"It's my first year in the NFL, but I already feel like I want to be in the playoffs. We put our bodies on the line, and not to lose. We put our bodies on the line to win, to go to the Super Bowl," Lindsay told me in February. "To see your teammates, and know that you are close, that you need a couple of more things from my end and their end, it's a great feeling. We are going into next year, and we are going to work even harder. We are going to be a more mature group, and we are going to win a lot more games."
Reason to believe him surfaced at his football clinic two days before camp opened. He was a growling sports car in idle, engine redlining. As promised, he began with his foot on the gas at practice, no limitations. In the days since, he has raised the volume in the huddle. He runs as if he's thanking his blockers with every stride. In his first carry since tearing ligaments in his right wrist eight months ago, Lindsay turned a miscommunication/broken play into a 10-yard gain at Seattle. He is a shot of espresso in drills, pushing teammates.
With Chubb, I noticed his growing role through coach Vic Fangio's words. Early in the offseason, Fangio tossed praise around like manhole covers. With Chubb, he pointed out his dedication, his football IQ, his versatility.
Meet Chubb's family, and you know why he sees the world through a broad lens. They are gracious, humble and driven to help others. Bradley runs a foundation with his brother and recently donated backpacks for local students. This is who he is. And it shows in how Chubb works with teammates. Watch him at practice, and he's more vocal, more confident. And he revealed a deeper peek into his leadership when talking about undrafted outside linebacker Malik Reed, who is playing well and pushing for a roster spot.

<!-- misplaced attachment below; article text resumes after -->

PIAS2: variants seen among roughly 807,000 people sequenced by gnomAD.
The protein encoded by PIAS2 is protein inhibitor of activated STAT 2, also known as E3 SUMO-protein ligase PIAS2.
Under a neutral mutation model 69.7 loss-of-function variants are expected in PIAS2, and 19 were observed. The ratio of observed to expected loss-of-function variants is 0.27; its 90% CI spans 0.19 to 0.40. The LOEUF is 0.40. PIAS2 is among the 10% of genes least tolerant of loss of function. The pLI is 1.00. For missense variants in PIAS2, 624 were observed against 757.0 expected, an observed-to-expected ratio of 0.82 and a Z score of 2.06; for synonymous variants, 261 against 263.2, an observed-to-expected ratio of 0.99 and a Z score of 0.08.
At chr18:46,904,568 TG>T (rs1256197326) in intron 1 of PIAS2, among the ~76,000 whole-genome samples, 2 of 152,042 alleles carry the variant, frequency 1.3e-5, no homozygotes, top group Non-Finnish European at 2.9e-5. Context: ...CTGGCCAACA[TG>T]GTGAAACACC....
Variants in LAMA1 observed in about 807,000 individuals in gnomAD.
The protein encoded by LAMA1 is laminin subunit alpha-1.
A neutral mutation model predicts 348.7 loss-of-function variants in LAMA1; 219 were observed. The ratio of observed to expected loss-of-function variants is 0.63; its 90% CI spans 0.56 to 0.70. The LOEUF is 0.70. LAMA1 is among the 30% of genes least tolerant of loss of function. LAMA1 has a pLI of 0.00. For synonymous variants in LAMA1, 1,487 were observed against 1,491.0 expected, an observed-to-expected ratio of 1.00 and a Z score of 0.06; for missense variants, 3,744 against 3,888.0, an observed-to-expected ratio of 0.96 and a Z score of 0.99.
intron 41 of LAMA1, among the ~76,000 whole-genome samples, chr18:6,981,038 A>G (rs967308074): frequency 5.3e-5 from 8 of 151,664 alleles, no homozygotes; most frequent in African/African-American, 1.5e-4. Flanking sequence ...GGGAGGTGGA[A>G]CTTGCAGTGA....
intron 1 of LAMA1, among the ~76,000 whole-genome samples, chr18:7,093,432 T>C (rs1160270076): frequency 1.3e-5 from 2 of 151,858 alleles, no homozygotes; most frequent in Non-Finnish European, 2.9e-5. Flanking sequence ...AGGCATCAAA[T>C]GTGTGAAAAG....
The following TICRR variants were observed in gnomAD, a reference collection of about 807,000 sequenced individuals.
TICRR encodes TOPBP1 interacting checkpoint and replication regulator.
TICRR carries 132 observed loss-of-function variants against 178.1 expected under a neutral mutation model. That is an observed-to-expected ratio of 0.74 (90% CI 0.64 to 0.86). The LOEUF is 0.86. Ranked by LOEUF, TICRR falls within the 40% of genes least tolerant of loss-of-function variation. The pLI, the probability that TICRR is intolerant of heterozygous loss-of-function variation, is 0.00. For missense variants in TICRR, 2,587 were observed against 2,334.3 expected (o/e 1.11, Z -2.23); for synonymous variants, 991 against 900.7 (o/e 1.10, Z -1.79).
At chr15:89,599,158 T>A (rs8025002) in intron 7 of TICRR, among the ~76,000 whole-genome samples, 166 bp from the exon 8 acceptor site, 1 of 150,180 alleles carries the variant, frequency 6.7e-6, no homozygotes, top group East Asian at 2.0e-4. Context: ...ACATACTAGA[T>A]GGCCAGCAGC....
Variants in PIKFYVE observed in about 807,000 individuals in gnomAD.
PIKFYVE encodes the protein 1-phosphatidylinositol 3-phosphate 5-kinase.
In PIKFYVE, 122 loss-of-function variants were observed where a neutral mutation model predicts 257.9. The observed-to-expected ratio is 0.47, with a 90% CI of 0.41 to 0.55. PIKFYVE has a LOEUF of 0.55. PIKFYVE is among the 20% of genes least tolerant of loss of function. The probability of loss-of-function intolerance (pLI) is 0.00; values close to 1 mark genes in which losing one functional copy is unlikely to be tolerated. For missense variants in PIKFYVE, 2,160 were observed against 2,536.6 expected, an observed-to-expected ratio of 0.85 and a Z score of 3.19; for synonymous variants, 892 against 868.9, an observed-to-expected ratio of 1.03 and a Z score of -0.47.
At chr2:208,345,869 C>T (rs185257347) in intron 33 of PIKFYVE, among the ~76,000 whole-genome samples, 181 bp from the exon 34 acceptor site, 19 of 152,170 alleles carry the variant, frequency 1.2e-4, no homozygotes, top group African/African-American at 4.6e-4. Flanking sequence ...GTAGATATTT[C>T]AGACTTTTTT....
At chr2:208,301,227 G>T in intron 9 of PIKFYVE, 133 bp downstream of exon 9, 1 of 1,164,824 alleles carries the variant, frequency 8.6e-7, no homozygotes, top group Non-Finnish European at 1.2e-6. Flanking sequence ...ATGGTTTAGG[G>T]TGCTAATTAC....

"Me and Von both knew that he was going to be a 'dog' out there. We were excited for it," Chubb said. "Malik rides home with me every day after practice. I'm just in his ear saying, 'This is what they expect. This is what they want.' I'm glad to see him doing his thing. I feel like those words sunk in a little bit. So, it's been fun watching him grow as well."